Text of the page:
Assessment Techniques: Communication and Active Listening
Upon completion of this chapter, the nurse will:
1. Summarize the major senses used to provide patient/client care
2. Compare techniques used to provide traditional care with those used to provide telenursing care
3. Analyze the importance of effective communication when providing telephonic patient/client care
4. Examine the impact of distractions on active listening in telenursing
5. Demonstrate approaches to overcome communication and active listening challenges when communicating with a patient/client through telenursing
SENSES USED IN PATIENT/CLIENT CARE
The major senses are vision, hearing, touch, smell, and taste. Of these, the nurse providing traditional hands-on care uses sight, hearing, touch, and smell. These senses are well developed in nurses—finely tuned by constant assessment, reassessment, and evaluation of care.
Of these senses, the predominant one is sight. Nurses:
Observe during a general survey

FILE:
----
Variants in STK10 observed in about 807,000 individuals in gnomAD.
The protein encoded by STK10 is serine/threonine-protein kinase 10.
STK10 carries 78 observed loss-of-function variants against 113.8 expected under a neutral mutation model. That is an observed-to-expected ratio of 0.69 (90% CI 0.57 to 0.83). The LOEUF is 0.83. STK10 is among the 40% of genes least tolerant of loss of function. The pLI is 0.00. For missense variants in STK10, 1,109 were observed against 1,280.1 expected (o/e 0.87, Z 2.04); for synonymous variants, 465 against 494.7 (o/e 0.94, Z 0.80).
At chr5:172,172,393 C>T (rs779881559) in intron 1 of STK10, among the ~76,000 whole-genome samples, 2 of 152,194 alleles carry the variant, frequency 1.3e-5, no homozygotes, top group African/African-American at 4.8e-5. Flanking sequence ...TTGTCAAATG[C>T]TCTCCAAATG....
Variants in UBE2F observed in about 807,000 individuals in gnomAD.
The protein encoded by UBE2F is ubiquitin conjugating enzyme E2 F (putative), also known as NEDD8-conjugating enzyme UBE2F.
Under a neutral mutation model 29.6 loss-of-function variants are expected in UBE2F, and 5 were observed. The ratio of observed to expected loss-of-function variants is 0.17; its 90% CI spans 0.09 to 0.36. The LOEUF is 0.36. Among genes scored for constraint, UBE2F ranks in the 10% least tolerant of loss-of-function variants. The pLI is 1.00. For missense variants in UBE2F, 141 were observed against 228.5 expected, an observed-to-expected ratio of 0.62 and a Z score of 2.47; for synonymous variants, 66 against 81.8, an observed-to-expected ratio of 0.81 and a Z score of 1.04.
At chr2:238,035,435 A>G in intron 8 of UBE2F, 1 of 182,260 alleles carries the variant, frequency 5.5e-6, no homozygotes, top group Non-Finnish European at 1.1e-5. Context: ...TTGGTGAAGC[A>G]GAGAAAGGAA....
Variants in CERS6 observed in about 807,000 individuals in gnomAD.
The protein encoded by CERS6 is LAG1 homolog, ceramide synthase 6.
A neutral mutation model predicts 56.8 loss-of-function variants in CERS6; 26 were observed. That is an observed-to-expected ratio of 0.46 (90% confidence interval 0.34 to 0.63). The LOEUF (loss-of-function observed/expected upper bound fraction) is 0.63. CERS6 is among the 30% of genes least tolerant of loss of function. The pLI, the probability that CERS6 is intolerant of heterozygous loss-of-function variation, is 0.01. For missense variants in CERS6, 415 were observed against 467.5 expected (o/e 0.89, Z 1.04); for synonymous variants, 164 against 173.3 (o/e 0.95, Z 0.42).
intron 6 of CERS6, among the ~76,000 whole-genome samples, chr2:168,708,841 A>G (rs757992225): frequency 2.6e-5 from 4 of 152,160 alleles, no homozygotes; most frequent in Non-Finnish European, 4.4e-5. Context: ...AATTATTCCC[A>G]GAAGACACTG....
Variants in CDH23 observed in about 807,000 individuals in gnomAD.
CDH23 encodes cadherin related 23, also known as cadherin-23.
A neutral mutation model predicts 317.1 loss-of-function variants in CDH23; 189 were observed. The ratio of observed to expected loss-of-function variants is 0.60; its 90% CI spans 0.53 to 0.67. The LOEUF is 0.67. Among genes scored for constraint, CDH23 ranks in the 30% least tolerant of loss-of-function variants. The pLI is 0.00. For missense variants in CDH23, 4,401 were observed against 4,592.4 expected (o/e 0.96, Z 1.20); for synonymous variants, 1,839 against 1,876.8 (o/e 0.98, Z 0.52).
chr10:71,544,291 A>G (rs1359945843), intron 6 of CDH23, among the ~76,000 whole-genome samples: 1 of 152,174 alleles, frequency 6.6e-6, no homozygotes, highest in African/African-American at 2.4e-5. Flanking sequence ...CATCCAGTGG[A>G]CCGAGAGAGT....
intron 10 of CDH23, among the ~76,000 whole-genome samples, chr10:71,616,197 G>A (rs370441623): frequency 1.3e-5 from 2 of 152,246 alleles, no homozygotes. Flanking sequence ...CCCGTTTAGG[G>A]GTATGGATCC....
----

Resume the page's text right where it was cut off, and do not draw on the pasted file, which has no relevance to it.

Examine the skin
Analyze posture and gait
Notice improvement or changes in physical status
The next most often used is touch. Nurses use touch to:
Assess skin turgor and condition
Pinpoint areas of pain
Estimate muscle tone and atrophy
Determine degree of edema
Imagine trying to console distressed patients without being able to touch them. You might question your effectiveness if you could not hug them good-bye as they left the hospital on discharge or hold their hand during a painful bedside procedure. Supporting the patient’s psychosocial domain relies heavily on the sense of touch.
The next sense that is used extensively in patient care is hearing. Without this sense, nurses would not be able to:
Auscultate lung and heart sounds
Hear the anxiety in the patient’s voice
Analyze speech patterns associated with disease processes and conditions
Respond to audible changes in breathing patterns and respiratory rates
Answer patient questions
The sense of smell is used by nurses, but to a lesser extent in the provision of patient care. This sense is often used to reinforce information provided through other senses and helps the nurse to:
Detect specific odors associated with disease processes, such as ammonia in liver disease and ketones in diabetic ketoacidosis
Discern an infection within a wound
Taste is seldom, if ever, used in nursing care.
REVIEW OF TRADITIONAL ASSESSMENT TECHNIQUES
Early in our education, nurses learn the four techniques of assessment: